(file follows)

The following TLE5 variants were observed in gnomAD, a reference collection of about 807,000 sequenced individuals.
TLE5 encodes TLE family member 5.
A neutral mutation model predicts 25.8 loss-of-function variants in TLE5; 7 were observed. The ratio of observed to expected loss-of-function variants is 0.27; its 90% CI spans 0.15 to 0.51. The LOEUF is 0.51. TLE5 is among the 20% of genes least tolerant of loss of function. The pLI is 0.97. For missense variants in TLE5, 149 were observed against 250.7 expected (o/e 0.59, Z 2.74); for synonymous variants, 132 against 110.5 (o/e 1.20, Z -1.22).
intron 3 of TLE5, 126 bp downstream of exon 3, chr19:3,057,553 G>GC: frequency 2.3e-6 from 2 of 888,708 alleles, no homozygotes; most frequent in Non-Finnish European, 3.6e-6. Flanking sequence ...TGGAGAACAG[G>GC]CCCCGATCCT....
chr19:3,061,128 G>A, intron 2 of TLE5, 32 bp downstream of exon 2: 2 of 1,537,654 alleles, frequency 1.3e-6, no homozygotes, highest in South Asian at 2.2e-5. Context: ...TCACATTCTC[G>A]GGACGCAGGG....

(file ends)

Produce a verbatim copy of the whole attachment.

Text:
The following TLE5 variants were observed in gnomAD, a reference collection of about 807,000 sequenced individuals.
TLE5 encodes TLE family member 5.
A neutral mutation model predicts 25.8 loss-of-function variants in TLE5; 7 were observed. The ratio of observed to expected loss-of-function variants is 0.27; its 90% CI spans 0.15 to 0.51. The LOEUF is 0.51. TLE5 is among the 20% of genes least tolerant of loss of function. The pLI is 0.97. For missense variants in TLE5, 149 were observed against 250.7 expected (o/e 0.59, Z 2.74); for synonymous variants, 132 against 110.5 (o/e 1.20, Z -1.22).
intron 3 of TLE5, 126 bp downstream of exon 3, chr19:3,057,553 G>GC: frequency 2.3e-6 from 2 of 888,708 alleles, no homozygotes; most frequent in Non-Finnish European, 3.6e-6. Flanking sequence ...TGGAGAACAG[G>GC]CCCCGATCCT....
chr19:3,061,128 G>A, intron 2 of TLE5, 32 bp downstream of exon 2: 2 of 1,537,654 alleles, frequency 1.3e-6, no homozygotes, highest in South Asian at 2.2e-5. Context: ...TCACATTCTC[G>A]GGACGCAGGG....